Children destined to be exceptional in less colorful ways—e.g. Downs Syndrome, spina bifida, Tay-Sachs—are disposable in utero. Yet the child who develops a disfigured imagination is storied, the deformity protected and hypothosized into something of value. Why? One partial answer is that no glamor attaches to the sorrows and struggles of tending a disabled child. The Transgender Child: A Handbook for Families and Professionals, written by two celebrants of gender chaos, suggests as much:
It is a very exciting time to be raising gender-variant and transgender children. . . . Congratulations. You are helping to change the world.
Predictably, celebrity tell-alls are on tap. Caitlyn Jenner’s The Secret of My Life leads with 28 copies, 6 audio books, plus a large-print edition. Chastity Bono, daughter of Sonny and Cher, describes her conversion in Transition: The Story of How I Became a Man (4 copies), also available on DVD as Becoming Chaz.
Typical of the genre, the DVD presents Bono’s changeover in terms that allege the existence of a true identity hidden within a false biological one: “Chaz was a male trapped in a female shell for as long as he can remember. . . . The film reveals the humanity and courage it takes to ultimately embrace his true self.” There is no substantial scientific evidence that there exists an innate, natural transgender self concealed by anatomy at birth. Nevertheless, every confession listed in the library’s catalog adheres to the fable.
A popular confession aimed at the very young is by the pseudonymous Jazz Jennings, a TV personality since age six, and spokesman for trans kids far and wide. Born male, Jazz supposedly believed he had a girl’s brain at age two. (“I have a girl brain in a boy’s body. I was born this way.”) Enabled by parents, he transitioned at five and grew to tell about it. I Am Jazz is the transgender movement’s most popular children’s book. (15 copies in English; 4 in Spanish. Juvenile Literature) It is also the title of his reality cable show that premiered in the same month as Jenner’s I Am Cait.
The world’s first transgender doll, modeled on Jazz, appeared last year, together with a second book, Being Jazz: My Life as a (Transgender) Teen. The library trills: “Teen activist and trailblazer Jazz Jennings–named one of “The 25 most influential teens” of the year by Time–shares her very public transgender journey, as she inspires people to accept the differences in others while they embrace their own truths.” (27 copies)
But if one’s own truth is imaginary, what then? Jazz’s “girl brain” is as mythical as the two-headed amphivena of medieval bestiaries. Each of his neurons—some 100 billion of them—carries a Y chromosome, as does every other cell in his body. To promote denial of that fact among young readers is poisonous. But Jazz is a hot ticket. And popularity drives circulation at the library, no matter the cost to discernment.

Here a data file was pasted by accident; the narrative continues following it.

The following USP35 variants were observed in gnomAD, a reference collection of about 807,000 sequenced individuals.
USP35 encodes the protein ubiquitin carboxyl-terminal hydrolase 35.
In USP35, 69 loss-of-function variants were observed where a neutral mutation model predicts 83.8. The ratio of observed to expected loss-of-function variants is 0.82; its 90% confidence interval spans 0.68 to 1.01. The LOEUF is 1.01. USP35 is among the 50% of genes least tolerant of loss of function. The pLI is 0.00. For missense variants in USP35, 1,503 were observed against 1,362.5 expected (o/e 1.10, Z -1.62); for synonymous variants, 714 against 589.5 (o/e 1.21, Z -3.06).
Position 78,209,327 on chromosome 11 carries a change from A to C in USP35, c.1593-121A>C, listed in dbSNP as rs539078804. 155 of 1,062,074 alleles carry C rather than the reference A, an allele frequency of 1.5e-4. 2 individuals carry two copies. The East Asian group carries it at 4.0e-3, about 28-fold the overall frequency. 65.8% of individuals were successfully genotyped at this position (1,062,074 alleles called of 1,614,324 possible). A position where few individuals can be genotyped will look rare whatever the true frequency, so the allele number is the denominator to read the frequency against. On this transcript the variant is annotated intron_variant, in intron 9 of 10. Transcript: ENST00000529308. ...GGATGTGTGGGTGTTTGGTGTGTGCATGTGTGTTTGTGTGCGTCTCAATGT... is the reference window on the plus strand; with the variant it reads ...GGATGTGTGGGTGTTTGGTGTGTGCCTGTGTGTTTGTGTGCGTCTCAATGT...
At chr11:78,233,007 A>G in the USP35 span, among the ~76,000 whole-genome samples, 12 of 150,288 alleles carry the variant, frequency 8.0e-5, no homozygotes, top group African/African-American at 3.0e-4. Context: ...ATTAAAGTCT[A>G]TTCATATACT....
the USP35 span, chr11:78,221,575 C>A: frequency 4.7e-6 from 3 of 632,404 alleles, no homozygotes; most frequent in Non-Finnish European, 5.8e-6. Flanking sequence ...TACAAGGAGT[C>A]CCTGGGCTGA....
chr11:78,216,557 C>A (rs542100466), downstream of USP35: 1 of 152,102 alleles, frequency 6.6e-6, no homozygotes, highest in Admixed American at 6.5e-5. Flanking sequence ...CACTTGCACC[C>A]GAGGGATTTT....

Psychology is a social science, hardly an exact one. Yet its inexactitudes and shifting surmises are taken as verities and elevated to public policy positions. Tomorrow Will be Different: Love, Loss, and the Fight for Trans Equality (14 copies) chronicles the successes of transgenderism as a civil rights issue, promising more to come. And it will. GLBTQ: the Survival Guide for Queer and Questioning Teens, a “frank, sensitive book” written for young people, includes among its readers those “who are ready to work for GLBTQ rights.” (7 copies)
The mantle of science lends credibility to faulty arguments, contrived authority, and special interests. Raising the Transgender Child: A Complete Guide for Parents, Families, and Friends of People Who are Transgender and Gender Expansive (3 copies) was written by Dr. Michele Angello, “a leading therapist and go-to expert in the field of transgender parenting, and Ali Bowman, bestselling writer and parent advocate.” But Dr. Angello is not a physician. Variously described as a “pre-licensed” professional with a Ph.D., a clinical sexologist, and a gender specialist, she calls herself “a queer woman” with transgender friends.
A true self hidden within appearances and waiting to be released is a familiar trope in fairy tales. Chaz, Jazz, Caitlyn, and growing numbers of troubled others are real-life counterparts to Hans Christian Andersen’s legendary creations: the mermaid who longed to become human; the prince imprisoned in the body of a wild swan; the discontented fir tree pining for something brilliant to happen to it.
Transgender identity is the degraded enchantment of a disintegrating civilization. The medieval changeling legend—a superstition used to explain baffling disabilities and disorders—has been reborn for a postmodern, post-truth age.
Today’s reincarnation, regrettably, is enshrined in public policy and militantly enforced. Like the toilers in Gulliver’s Travels who try to turn cucumbers into sunbeams, libraries bend to the “science” of prophets of gender who assert that gender—a linguistic concept misapplied to human physiology—has nothing to do with the design of our natural anatomy. In its rage against normalcy, the madness of a few would make madmen of all of us.
Note: This essay was published first in The Federalist, August 16, 2018. It is a companion piece to “What I Learned From Attending ‘Transgender 101’ at My Local Library, which appeared August 8, 2018.